A deeper connection can also uncover new challenges.
When you and your mentee are comfortable and connected, and things seem to be going well, it is common for challenges to arise. For example, your mentee may:
- confide in you about something that puts her or someone else at risk of harm
- skip several planned activities or distance herself from you
- do something that seems to jeopardize her future
1. Stay within the boundaries of your role as a mentor.
It is often more appropriate that other adults in your mentee’s life help her to handle significant challenges. Focus on being the best mentor you can be within the limits of your relationship. Make sure you know whom to contact at your mentoring program if you need support or if something arises with your mentee that you’re not sure how to handle. For example, your mentoring program coordinator can provide an objective perspective and can connect your mentee to appropriate resources and services. It is also important to remember that, in most cases, your mentee’s parents and/or caregivers are deeply invested in her well-being. Work to keep lines of communication open with your mentee’s parent/caregiver, and seek his or her permission and guidance as appropriate.
2. Don’t take it personally.
Remember that if your mentee behaves poorly or puts herself or others at risk, it is not an indication of the youth’s feelings toward you, nor is it a sign that she has a character or personality flaw. Acting out is normal behavior to be expected of children and adolescents.
3. Prioritize the safety of your mentee.
As an adult friend – not a peer – you have an obligation to report to mentoring program staff if you learn about something that puts your mentee at risk. Even if you are a trained social worker or human services professional, in this relationship you are a mentor, not a case worker. Although your mentee may be angry at you for sharing this information, explain that you must put her safety first, no matter what.
4. Model commitment and consistency.
Even with solid agreements and contracts in place, your mentee may not show up for mentoring activities or live up to commitments. While this can be frustrating, remember that reliability and consistency are critical behaviors to model for your mentee.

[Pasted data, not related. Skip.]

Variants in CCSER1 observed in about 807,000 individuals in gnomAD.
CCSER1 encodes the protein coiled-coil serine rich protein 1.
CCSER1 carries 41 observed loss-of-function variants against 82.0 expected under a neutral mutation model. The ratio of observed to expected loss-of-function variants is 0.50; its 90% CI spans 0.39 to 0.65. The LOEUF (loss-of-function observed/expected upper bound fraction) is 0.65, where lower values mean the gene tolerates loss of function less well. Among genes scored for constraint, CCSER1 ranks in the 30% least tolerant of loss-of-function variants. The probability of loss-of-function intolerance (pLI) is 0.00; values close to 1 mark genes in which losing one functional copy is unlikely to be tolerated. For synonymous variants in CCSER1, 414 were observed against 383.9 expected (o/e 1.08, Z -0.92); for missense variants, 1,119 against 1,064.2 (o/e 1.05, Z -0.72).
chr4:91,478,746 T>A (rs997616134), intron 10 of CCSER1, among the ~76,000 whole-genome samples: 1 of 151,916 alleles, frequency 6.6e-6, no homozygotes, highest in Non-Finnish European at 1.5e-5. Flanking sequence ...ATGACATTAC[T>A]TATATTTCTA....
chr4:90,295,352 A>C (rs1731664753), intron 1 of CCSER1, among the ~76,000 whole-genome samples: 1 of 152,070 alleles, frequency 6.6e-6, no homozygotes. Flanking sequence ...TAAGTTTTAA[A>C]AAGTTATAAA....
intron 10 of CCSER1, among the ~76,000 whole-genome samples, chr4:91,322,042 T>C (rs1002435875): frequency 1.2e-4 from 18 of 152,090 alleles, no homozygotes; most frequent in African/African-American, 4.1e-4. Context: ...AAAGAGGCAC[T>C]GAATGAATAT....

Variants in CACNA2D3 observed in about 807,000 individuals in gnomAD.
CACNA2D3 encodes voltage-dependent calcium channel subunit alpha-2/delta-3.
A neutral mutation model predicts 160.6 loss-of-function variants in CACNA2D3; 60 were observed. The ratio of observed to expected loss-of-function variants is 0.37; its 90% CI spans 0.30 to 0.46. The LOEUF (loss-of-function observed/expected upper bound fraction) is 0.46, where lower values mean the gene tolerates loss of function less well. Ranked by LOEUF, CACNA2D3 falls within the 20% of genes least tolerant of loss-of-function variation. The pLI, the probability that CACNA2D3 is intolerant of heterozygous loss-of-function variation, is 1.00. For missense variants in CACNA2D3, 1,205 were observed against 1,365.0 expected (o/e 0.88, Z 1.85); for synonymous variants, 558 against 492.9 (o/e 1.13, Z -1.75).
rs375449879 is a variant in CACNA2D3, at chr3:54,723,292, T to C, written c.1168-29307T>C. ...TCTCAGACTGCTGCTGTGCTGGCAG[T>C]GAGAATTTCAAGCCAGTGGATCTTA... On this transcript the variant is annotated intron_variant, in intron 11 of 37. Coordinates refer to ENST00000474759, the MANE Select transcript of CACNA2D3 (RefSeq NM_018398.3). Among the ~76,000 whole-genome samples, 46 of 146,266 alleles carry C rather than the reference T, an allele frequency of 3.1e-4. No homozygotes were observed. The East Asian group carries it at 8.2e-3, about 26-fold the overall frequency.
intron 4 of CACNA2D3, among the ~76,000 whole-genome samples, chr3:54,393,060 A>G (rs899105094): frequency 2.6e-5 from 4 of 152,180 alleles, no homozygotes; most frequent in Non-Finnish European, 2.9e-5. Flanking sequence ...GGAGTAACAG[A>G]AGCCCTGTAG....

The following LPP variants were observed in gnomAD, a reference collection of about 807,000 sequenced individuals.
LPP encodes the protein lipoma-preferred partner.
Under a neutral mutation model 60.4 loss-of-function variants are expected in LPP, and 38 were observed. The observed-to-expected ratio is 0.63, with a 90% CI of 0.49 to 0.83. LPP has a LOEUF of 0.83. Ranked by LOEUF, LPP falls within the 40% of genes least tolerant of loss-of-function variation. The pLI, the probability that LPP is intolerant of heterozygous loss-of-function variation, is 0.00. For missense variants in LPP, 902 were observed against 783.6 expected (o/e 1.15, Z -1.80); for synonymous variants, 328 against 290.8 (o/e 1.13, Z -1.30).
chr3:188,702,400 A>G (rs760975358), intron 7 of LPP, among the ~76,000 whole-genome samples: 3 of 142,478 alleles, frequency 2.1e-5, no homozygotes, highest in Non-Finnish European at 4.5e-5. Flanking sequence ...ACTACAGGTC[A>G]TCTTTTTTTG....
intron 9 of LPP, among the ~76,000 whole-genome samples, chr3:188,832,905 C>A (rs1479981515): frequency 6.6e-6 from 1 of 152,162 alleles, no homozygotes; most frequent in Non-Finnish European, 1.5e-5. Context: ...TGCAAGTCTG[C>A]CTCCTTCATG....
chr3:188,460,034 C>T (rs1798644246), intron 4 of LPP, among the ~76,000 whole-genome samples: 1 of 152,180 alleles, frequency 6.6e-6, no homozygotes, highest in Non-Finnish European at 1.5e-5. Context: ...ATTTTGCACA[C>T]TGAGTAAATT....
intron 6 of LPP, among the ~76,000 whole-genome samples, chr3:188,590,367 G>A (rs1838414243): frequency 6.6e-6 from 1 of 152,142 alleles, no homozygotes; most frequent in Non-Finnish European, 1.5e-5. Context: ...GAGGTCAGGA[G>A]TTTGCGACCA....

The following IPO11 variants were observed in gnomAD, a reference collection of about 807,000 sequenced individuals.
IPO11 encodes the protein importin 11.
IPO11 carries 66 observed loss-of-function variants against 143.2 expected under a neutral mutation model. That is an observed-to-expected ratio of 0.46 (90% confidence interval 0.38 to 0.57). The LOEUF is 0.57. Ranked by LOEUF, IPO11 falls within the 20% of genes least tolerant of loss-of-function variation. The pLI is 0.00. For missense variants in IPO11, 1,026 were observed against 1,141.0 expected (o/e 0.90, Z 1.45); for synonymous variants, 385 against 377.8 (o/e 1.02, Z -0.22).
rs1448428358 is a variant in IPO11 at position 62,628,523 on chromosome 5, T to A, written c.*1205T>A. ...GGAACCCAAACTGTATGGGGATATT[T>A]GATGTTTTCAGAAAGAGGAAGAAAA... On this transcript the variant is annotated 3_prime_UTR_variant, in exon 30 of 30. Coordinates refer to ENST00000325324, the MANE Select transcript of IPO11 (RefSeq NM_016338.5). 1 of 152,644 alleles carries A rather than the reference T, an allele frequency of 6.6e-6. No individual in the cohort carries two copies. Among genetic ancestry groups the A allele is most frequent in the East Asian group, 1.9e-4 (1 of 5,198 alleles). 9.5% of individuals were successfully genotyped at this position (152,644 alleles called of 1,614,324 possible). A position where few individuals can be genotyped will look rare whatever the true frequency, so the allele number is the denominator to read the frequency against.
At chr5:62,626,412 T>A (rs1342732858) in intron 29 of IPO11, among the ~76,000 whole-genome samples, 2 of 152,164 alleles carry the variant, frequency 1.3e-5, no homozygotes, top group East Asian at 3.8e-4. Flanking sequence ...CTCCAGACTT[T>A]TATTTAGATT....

5. Look for teachable moments – and note the positive.
The mentoring relationship provides many opportunities for your mentee to discuss and practice life skills. For example, if your mentee consistently misses or shows up late for mentoring activities, it’s likely that there are other situations where he doesn’t show up when he should. Ask him open-ended questions about his schedule and his communication with you. Support your mentee as he develops this and other life skills. Look for the good in your mentee and be sure to verbalize what you observe.
6. Seek support from program staff.
Some mentees, particularly those from challenging backgrounds, may fear success or be concerned that they will be criticized by former friends for “selling out.” As a result, some youth may relapse and have violent outbursts, become withdrawn, hang out with peers who exert a negative influence, or engage in petty crime. Turn to mentoring program staff for support to help you address these challenges.
7. Communicate openly with your mentee’s parent/caregiver and mentoring program staff.
Talking with your mentee’s parent/caregiver about the challenge that has emerged may help you to better understand the situation. A lack of communication can leave you and the parent feeling frustrated; and it is not helpful for your mentee to observe tension between you and her parent/caregiver.
8. Listen actively.
Active listening takes practice, but it can be a very effective way to respond and communicate in almost any situation.
Your focus during this stage is on remaining committed while navigating challenges, remembering that your mentee’s life experiences may have shaped her behavior.